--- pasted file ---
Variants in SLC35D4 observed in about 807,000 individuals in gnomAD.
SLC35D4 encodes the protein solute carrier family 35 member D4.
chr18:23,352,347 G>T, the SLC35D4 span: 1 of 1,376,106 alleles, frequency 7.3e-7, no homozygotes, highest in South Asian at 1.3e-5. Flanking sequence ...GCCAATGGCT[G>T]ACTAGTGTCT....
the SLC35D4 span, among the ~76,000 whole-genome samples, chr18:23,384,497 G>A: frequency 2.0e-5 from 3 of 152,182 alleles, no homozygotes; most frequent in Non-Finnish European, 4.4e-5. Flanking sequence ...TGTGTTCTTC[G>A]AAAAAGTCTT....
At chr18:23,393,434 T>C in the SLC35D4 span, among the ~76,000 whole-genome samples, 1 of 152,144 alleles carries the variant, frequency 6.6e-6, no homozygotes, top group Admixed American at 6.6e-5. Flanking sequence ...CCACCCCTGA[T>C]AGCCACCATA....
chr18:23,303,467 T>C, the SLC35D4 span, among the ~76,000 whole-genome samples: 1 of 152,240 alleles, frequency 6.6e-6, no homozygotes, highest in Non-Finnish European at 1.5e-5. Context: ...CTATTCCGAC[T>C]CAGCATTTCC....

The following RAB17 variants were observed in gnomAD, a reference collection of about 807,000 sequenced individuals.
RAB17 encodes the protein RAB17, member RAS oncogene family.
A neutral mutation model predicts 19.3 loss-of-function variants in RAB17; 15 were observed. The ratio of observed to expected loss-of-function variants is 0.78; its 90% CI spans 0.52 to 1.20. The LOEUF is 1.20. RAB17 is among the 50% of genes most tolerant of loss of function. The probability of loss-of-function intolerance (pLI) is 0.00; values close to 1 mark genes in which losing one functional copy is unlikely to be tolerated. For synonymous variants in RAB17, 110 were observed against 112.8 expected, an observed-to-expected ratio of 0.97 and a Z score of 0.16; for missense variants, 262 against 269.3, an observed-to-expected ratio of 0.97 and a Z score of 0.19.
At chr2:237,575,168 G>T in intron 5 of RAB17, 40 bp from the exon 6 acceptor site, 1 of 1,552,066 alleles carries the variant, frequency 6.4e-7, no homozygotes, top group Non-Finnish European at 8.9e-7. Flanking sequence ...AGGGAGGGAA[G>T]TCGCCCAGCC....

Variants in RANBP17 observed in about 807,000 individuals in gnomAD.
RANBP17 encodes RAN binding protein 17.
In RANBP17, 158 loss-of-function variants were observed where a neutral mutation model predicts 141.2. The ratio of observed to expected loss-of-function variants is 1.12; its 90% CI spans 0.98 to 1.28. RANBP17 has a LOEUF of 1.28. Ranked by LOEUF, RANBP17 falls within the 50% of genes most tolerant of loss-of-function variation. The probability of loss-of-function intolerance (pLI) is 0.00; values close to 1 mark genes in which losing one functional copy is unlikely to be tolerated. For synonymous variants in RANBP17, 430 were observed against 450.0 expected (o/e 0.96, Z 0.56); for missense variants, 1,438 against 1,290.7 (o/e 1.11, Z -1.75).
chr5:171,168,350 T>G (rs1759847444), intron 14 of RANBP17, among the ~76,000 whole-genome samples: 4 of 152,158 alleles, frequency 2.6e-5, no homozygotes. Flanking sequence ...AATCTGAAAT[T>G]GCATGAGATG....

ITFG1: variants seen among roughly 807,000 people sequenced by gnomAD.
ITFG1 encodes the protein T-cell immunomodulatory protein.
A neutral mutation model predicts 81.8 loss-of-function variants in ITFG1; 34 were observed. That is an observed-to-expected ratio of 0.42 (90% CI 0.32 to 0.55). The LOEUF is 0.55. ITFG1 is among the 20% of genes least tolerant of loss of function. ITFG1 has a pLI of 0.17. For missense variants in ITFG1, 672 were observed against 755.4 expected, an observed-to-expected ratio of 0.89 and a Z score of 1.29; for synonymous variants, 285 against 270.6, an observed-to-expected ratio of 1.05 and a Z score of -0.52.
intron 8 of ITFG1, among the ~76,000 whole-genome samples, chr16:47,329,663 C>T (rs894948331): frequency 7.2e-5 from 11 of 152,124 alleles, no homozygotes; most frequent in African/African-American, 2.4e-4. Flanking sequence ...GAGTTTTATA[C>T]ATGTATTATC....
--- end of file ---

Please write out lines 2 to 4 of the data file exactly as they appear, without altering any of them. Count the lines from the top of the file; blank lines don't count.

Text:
SLC35D4 encodes the protein solute carrier family 35 member D4.
chr18:23,352,347 G>T, the SLC35D4 span: 1 of 1,376,106 alleles, frequency 7.3e-7, no homozygotes, highest in South Asian at 1.3e-5. Flanking sequence ...GCCAATGGCT[G>T]ACTAGTGTCT....
the SLC35D4 span, among the ~76,000 whole-genome samples, chr18:23,384,497 G>A: frequency 2.0e-5 from 3 of 152,182 alleles, no homozygotes; most frequent in Non-Finnish European, 4.4e-5. Flanking sequence ...TGTGTTCTTC[G>A]AAAAAGTCTT....